Attack of the Fundamentalist Mormon mutants!

I almost feel bad for the mutated children — almost.

However, assuming anything even resembling Calvinist “predestination”, they were predestined to be the degenerate mutant hell-spawn of polygamous cultists, and then to spend an eternity in Hell.

(Such is at least one variant of the “Good news” Fundies are always yawping about.)


Great Huffpo article:

They site four primary reasons for the decline in “organized” religion:

1. Organized religion versus spirituality

2. Tribalism versus humanitarianism

3. Traditional versus nontraditional families

4. Trust versus loss of confidence in institutions

Quite frankly, from my perspective, all four of these reasons boil down to one basic issue:

mindlessness/conformity vs. rationality/independent thought

ALL of them:

For example: the fact that “organized” religion is prohibited (at least in the U.S. and Europe) from torturing/slaughtering “heretics” has resulted in something like 38,000 “denominations” (and a multitude of “non-denominational” groups) as well.

Most of these groups don’t even consider one another to be “True” Christians

So, yeah: once people figure out that the truth-claims (“Beliefs”) and practices associated with their particular geographic/demographic “community” aren’t the only alternatives (and more importantly – that they probably won’t be murdered for deviating from them) – well, you’re bound to have a significant decrease in uncritical acquiescence to the diktats of whatever passes for “Clergy”.

Just to take Judaism as an example:

The three major factions nowadays are “Orthodox”/”Conservative” and “reformed”.  (“Humanistic” Judaism is more about providing a means for non-religious “jews” to continue to be involved with their paticular ethnic “identity”).

In other words: “Humanistic” Judaism is basically the dessicated husk of an increasingly impotent ethnoreligious subculture.

(Its adherents have loosened the strait-jacket somewhat, but they can’t quite bring themselves to remove it completely).

Same goes for the contentless “religion” of “Unitarian Universalism” (but that’s another post for another day).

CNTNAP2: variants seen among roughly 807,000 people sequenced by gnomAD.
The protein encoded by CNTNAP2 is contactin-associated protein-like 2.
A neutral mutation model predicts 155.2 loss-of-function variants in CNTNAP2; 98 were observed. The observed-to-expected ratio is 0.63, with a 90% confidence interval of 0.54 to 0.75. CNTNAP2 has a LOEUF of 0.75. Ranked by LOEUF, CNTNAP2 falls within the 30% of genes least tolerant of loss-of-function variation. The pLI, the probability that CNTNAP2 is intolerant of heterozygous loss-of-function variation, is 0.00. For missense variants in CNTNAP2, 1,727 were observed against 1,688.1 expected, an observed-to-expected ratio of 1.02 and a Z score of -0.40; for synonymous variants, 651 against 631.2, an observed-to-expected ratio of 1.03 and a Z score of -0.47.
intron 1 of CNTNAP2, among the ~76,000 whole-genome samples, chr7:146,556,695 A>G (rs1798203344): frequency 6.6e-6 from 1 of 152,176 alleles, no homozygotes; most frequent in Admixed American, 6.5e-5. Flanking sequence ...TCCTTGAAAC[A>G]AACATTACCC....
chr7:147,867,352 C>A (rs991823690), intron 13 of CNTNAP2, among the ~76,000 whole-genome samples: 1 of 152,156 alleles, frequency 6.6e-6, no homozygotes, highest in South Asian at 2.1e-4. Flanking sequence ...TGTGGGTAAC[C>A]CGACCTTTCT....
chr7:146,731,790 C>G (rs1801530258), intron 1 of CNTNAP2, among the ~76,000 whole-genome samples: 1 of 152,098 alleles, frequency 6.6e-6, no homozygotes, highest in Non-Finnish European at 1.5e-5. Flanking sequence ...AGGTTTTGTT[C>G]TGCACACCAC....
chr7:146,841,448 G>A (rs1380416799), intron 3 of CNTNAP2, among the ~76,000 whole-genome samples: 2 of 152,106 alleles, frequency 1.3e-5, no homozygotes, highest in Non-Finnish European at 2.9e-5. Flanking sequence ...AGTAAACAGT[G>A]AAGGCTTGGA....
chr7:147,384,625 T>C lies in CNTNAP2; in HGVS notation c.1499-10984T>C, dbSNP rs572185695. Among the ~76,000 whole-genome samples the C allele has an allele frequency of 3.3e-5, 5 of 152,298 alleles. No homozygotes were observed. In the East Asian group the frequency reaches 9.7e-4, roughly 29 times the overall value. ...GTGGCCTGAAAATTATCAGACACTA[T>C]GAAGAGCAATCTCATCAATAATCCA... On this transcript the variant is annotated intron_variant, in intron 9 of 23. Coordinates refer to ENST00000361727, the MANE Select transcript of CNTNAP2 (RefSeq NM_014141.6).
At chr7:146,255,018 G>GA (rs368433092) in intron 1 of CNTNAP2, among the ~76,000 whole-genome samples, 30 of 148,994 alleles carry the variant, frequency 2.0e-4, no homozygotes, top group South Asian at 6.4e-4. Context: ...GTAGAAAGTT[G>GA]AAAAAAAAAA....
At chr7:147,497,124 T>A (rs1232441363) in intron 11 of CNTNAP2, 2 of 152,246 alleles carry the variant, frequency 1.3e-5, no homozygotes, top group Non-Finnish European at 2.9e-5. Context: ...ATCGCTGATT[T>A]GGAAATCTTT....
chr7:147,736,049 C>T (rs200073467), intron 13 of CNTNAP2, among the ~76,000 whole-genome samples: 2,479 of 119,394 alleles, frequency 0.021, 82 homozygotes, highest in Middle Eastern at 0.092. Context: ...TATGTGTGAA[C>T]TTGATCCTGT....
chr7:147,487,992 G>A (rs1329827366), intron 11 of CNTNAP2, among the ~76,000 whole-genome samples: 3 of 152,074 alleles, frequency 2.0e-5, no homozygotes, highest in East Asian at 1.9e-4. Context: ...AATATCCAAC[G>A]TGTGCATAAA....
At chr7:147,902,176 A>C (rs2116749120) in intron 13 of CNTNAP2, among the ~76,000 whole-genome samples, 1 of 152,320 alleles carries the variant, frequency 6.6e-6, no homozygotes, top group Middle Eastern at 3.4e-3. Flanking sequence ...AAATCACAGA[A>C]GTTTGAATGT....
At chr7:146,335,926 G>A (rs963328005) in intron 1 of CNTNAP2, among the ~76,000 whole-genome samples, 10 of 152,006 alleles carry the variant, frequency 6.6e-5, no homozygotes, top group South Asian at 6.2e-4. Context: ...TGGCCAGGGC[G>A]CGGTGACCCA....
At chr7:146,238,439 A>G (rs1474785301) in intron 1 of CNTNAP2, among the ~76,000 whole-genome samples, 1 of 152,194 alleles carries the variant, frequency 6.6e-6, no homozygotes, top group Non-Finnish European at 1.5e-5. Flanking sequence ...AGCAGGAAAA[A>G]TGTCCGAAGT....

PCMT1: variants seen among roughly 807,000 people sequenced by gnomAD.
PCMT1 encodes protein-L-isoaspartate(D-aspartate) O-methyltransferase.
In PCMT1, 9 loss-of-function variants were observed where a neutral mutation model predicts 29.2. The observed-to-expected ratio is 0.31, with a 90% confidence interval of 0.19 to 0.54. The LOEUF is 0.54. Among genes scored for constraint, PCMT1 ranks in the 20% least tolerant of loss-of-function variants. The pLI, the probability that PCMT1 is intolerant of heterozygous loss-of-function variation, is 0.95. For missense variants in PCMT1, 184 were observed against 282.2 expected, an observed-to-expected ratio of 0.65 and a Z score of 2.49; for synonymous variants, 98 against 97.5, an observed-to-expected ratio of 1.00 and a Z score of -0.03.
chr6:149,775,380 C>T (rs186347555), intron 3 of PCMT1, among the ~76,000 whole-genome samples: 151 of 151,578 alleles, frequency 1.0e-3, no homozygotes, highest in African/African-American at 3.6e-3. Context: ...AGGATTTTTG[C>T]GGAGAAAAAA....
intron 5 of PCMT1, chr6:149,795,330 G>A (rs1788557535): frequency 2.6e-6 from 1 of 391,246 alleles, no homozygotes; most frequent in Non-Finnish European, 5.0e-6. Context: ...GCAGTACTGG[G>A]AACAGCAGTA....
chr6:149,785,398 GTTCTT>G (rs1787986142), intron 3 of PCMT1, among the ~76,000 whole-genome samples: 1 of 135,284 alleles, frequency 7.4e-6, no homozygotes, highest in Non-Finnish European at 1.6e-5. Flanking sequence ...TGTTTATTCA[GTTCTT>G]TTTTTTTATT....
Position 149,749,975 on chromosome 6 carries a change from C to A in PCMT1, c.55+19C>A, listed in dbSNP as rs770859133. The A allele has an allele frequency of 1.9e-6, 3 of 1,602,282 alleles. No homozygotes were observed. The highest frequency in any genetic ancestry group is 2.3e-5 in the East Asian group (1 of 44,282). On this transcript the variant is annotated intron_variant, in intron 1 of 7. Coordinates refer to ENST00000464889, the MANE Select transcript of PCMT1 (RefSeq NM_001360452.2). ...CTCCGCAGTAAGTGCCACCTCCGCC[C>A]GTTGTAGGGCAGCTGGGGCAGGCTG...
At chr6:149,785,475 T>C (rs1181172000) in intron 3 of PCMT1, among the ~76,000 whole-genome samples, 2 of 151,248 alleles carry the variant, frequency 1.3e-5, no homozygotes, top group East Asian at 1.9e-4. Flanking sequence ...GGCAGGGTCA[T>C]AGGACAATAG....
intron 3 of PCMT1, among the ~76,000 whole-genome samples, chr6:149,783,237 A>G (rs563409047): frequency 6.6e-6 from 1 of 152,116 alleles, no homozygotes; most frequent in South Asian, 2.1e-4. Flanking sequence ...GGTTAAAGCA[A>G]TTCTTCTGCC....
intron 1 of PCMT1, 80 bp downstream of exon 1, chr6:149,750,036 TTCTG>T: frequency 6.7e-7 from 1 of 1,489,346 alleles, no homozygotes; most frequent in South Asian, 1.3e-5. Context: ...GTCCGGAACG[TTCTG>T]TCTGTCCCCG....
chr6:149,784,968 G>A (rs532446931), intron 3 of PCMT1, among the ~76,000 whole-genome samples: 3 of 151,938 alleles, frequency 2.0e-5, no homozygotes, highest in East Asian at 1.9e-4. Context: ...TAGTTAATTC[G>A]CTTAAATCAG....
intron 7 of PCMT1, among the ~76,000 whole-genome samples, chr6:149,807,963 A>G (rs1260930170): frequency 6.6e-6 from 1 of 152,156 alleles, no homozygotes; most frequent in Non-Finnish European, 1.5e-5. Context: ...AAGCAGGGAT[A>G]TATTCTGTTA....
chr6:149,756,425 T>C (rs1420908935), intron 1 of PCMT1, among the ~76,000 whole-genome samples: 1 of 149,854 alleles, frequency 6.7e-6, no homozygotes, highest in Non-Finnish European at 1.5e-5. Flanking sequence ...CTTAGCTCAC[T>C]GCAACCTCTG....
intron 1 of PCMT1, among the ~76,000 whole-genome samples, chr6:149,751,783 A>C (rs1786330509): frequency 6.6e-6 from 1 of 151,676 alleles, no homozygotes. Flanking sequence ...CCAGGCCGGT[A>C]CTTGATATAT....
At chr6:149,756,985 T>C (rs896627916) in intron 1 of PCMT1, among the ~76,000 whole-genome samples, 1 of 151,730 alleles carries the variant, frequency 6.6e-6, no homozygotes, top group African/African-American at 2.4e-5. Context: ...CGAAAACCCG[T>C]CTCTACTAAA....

But, yeah: you can’t perpetrate the sort of tribal exclusivity/mindless acquiescence (aping and parroting) which much of “organized” religion requires – without isolating yourselves from “the world” (and “othering”everybody else – including would-be dissenters within your own ranks).

Any attempt to do so eventually ends with your particular ethnoreligious subculture becoming an inbred mess.  (Examples; the Amish, the more degenerate/cultic variants of Mormonism, etc.)

Long term, that “strategy” isn’t viable.



An example of why “Organized” religion is already impotent/terrified for its very survival:

The above site bills itself as “Norse Mythology for smart people”.  Importantly, it demonstrates the fact that so-called “Organized” religion (read: Christianity/Judaism) has utterly lost anything even resembling hegemony, as far as the culture-at-large is concerned.

As I’ve mentioned elsewhere, “Christianity” has been in a slow (but steady – and inexorable) state of collapse since (at least) 1054 AD (the “East/West” schism between the Roman Catholic and “Orthodox” churches).

This fragmentation has been accelerating since the so-called “Protestant Reformation”.  “Organized” religion can only serve as a mechanism of control if it can manage to keep its victims from noticing that there are alternatives to whatever theological “product” it claims to offer.

This is one reason for the so-called “problem” of ever-emptier churches: “organized” religion can longer (openly) resort to physical brutality, so it has to depend on the rational assent of its victims, or “emotional blackmail” (for example: a stereotypical Jewish mother, “disappointed” that her son would cohabit with/marry a “Shiksa”).